For the Museum of Mathematics
mathmonday1 Creating a Knitting Needle Hypercube Shadow

There has been lots of making going on at MoMath lately, which we’ll take a look at over the next few posts. Recently, one of our Math Encounters speakers needed a projection of a hypercube into three dimensions as part of a demonstration. So we used Great Stella 4D to make a nice projection in general position, in which no two vertices coincide in three dimensions, and then used the measuring tool in the program to get the edge lengths. As you may recall, a hypercube has 32 edges, which break down into four groups of eight parallel edges each.  All of the edges in each group project to the same length in three dimensions. In our case, the edge lengths came out to 7 3/4″, 7 1/2″, 6 7/8″, and 6 3/4″.

Next stop was a craft store, looking for material to make the edges out of physically. Knitting needles turned out to be the ideal source for brightly colored, lightweight rods — we could get them in groups of eight of the same color, to help attendees visualize the four different sets of parallel edges. So here’s the equipment at the beginning of the project, including the 32 aluminum knitting needles:

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The first step was to cut all of the edges to the proper lengths. A hacksaw makes a cleaner cut through the aluminum, but a small bolt cutter produces adequate results and is many times faster. Here’s all of the pieces cut:

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The next thing is to assemble the hypercube. The idea is to use a temporary binding for the vertices until the whole hypercube is in place, and then replace the vertices one at a time with epoxy putty which will harden into a permanent rigid binding for the model. For the temporary bindings, we chose a plasticine, but other possibilities include styrofoam balls, or even Model Magic compound — see below for a caveat on the temporary material.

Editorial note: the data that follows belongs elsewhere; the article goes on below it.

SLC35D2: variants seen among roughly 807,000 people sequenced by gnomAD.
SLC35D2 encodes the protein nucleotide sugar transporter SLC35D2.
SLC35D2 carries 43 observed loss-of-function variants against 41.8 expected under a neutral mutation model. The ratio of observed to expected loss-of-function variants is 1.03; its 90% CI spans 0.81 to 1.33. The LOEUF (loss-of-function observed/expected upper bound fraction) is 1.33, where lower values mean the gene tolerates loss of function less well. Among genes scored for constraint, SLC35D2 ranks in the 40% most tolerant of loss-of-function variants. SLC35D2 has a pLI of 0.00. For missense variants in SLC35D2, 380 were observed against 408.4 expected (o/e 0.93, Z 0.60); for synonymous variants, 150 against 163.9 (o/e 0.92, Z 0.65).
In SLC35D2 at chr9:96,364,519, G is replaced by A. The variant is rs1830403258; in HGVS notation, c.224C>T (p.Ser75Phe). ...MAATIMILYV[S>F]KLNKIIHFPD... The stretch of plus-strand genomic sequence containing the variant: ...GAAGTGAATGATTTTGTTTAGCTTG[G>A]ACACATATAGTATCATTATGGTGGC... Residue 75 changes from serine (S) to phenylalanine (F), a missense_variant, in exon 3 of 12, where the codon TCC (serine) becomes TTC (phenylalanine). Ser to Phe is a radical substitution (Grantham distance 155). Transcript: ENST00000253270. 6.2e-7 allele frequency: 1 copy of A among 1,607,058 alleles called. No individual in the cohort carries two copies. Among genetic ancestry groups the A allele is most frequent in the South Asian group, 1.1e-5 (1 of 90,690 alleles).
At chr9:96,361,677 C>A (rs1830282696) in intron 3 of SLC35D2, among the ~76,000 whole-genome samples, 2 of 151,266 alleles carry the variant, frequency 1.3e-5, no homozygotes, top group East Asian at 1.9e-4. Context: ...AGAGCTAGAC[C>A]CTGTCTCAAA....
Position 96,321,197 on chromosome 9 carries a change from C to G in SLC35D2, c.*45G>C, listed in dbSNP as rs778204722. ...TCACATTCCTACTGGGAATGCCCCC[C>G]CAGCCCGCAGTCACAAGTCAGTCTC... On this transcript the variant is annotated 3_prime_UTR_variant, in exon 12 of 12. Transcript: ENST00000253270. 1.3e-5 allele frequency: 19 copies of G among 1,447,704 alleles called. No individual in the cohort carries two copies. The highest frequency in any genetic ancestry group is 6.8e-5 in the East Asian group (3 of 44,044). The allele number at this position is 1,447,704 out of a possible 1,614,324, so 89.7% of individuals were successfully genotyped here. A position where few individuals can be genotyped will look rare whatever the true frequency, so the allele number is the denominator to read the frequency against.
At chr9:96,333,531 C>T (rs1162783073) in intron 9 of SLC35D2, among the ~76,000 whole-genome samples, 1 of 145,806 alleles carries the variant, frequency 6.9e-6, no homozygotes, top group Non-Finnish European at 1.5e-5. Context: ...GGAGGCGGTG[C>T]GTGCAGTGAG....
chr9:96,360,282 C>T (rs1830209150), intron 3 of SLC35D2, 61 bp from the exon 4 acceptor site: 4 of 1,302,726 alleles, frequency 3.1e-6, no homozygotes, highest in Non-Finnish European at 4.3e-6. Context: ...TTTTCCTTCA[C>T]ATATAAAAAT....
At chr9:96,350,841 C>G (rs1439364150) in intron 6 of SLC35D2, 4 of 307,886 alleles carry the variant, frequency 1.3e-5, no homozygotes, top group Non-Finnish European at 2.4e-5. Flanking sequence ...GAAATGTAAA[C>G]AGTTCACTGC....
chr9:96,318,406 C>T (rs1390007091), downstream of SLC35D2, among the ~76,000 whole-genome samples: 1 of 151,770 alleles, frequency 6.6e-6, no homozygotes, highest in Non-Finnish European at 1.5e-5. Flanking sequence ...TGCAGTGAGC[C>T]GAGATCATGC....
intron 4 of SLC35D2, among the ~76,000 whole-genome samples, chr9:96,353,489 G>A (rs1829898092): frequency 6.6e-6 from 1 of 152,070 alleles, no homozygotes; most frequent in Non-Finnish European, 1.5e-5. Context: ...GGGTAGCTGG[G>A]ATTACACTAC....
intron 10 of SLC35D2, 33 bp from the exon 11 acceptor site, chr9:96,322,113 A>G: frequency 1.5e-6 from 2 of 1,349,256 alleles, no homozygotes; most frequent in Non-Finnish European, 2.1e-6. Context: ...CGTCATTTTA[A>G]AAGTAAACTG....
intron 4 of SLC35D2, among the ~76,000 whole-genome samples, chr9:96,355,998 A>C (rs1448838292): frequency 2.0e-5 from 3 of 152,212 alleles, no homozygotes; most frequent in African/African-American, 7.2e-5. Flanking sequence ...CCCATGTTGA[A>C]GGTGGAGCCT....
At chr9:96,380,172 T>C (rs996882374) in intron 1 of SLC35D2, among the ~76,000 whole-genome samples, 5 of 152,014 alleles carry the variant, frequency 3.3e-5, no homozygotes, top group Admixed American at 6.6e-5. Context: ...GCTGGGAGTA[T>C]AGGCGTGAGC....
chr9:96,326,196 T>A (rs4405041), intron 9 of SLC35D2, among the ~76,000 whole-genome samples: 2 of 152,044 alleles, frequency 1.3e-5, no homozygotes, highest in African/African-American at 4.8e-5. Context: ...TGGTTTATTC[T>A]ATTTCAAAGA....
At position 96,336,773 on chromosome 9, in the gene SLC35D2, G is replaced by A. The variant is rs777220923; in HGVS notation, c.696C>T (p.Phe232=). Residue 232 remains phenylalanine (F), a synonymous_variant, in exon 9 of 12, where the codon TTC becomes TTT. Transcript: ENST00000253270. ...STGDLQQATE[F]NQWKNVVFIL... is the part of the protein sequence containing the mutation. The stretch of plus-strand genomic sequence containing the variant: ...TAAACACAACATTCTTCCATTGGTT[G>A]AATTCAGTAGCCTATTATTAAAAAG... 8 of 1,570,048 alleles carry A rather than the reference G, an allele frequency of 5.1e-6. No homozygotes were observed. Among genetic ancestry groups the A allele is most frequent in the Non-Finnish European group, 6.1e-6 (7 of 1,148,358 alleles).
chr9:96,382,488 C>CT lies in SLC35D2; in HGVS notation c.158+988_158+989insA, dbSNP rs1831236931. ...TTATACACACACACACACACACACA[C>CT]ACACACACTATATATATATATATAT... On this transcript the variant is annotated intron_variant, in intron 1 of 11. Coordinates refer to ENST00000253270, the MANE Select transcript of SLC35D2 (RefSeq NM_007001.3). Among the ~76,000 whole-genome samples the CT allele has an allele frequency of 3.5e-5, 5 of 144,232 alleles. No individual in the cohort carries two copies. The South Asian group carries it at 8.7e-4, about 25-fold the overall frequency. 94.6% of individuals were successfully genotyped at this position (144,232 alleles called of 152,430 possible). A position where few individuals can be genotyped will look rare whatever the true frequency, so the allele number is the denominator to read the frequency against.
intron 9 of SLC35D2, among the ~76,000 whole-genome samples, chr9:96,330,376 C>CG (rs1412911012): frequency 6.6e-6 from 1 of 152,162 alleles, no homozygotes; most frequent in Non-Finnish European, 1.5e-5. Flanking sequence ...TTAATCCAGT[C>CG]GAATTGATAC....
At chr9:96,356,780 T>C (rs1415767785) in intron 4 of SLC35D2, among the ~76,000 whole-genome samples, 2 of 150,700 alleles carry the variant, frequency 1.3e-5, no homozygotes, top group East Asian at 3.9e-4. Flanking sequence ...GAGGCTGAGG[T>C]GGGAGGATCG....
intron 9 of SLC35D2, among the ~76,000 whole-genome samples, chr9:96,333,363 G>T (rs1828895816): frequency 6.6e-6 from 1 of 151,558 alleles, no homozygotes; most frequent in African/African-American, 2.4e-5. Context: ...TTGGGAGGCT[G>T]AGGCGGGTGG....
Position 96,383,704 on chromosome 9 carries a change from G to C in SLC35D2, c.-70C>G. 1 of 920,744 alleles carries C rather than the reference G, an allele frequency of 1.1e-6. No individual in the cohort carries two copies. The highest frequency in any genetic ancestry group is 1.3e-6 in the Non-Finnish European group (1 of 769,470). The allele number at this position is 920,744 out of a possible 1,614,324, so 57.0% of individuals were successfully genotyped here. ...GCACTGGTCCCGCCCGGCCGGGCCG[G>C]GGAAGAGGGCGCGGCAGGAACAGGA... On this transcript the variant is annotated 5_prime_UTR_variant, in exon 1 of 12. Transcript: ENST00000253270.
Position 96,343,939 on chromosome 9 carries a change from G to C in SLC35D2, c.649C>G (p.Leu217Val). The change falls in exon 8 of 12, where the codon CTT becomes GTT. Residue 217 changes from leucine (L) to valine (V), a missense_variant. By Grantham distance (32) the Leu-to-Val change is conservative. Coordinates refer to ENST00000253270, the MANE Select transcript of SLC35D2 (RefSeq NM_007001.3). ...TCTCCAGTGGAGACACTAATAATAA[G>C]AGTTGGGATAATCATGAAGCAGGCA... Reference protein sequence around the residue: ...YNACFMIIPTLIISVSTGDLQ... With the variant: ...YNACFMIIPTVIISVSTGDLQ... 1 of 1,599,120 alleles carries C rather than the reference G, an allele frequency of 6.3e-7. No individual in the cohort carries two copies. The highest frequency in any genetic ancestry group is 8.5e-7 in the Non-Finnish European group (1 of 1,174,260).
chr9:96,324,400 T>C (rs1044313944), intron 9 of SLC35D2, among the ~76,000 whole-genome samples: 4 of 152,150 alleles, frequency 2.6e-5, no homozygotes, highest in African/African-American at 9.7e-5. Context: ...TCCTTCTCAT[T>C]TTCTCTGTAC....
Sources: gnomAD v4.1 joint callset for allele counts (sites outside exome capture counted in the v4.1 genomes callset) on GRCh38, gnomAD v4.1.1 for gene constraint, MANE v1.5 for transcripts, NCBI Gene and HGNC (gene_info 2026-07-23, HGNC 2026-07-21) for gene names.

In any case, the goal is to end up with all of the same color rods parallel. So, begin by taking two of the colors and fastening them with the temporary bindings to form four identical parallelograms:

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Then take another color and use the paralellograms as the tops and bottoms to make two identical parallelopipeds — the projections of two opposite cubical sides of the hypercube, which come out as stretched/slanted cubes:

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Finally, take the remaining color and join corresponding vertices of the two cube projections to form the single hypercube projection. Here’s where the choice of temporary binding material becomes critical. At this point in the process, the plasticine we were using had warmed up and had become too soft to hold all the rods in place well, so many hands were suddenly needed to hold things in place while the vertices were replaced one by one with the epoxy putty.

So the next photo below shows many of the 16 hypercube vertices already replaced, but the process is pretty simple: knead up an appropriate-sized chunk of the putty — it stays completely soft for about five minutes, and then begins to thicken and set and ends up rock hard in fifteen to twenty minutes. Once the putty is completely mixed, cut away the temporary binding on a single vertex and replace it with a neat ball of the putty centered on the point of intersection of all of the incoming rods, covering the ends of all four edges that meet there. Then move on to the next vertex. The more vertices you replace, the easier the process becomes. So here’s our model with about 11 of the vertices already replaced:

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Oh, and one caution: the putty gets quite warm as it hardens, and in fact, some of the aluminum knitting needles became hot to the touch during the process. Note also that some of the edges that should be are not quite parallel, due to the softening difficulties — if you find that happening, for best results you should reboot with a stiffer temporary binding. (Unfortunately this model had a deadline for being on stage, so we had to forge ahead.)  Here’s the finished hypercube shadow:

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And here it is on stage, helping attendees understand the relationship between three and four spatial dimensions:

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Glen Whitney

Executive Director, Museum of Mathematics


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